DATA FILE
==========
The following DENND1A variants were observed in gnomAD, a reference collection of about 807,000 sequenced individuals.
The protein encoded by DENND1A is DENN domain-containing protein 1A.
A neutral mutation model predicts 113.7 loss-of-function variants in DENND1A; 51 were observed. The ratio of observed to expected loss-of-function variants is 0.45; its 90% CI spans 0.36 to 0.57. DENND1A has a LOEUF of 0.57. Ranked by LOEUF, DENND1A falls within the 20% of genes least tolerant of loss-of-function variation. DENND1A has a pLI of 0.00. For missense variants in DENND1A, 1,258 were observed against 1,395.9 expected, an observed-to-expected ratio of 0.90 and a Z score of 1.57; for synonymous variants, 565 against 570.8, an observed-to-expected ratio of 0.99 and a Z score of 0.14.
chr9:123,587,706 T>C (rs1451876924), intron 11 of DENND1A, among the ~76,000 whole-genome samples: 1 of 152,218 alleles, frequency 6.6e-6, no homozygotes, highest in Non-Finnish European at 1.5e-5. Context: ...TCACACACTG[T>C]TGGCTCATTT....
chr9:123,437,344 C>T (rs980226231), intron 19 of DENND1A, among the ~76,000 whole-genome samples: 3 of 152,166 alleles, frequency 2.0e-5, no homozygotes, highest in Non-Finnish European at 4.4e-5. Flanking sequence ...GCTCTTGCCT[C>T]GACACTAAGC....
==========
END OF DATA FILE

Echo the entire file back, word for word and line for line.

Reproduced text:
The following DENND1A variants were observed in gnomAD, a reference collection of about 807,000 sequenced individuals.
The protein encoded by DENND1A is DENN domain-containing protein 1A.
A neutral mutation model predicts 113.7 loss-of-function variants in DENND1A; 51 were observed. The ratio of observed to expected loss-of-function variants is 0.45; its 90% CI spans 0.36 to 0.57. DENND1A has a LOEUF of 0.57. Ranked by LOEUF, DENND1A falls within the 20% of genes least tolerant of loss-of-function variation. DENND1A has a pLI of 0.00. For missense variants in DENND1A, 1,258 were observed against 1,395.9 expected, an observed-to-expected ratio of 0.90 and a Z score of 1.57; for synonymous variants, 565 against 570.8, an observed-to-expected ratio of 0.99 and a Z score of 0.14.
chr9:123,587,706 T>C (rs1451876924), intron 11 of DENND1A, among the ~76,000 whole-genome samples: 1 of 152,218 alleles, frequency 6.6e-6, no homozygotes, highest in Non-Finnish European at 1.5e-5. Context: ...TCACACACTG[T>C]TGGCTCATTT....
chr9:123,437,344 C>T (rs980226231), intron 19 of DENND1A, among the ~76,000 whole-genome samples: 3 of 152,166 alleles, frequency 2.0e-5, no homozygotes, highest in Non-Finnish European at 4.4e-5. Flanking sequence ...GCTCTTGCCT[C>T]GACACTAAGC....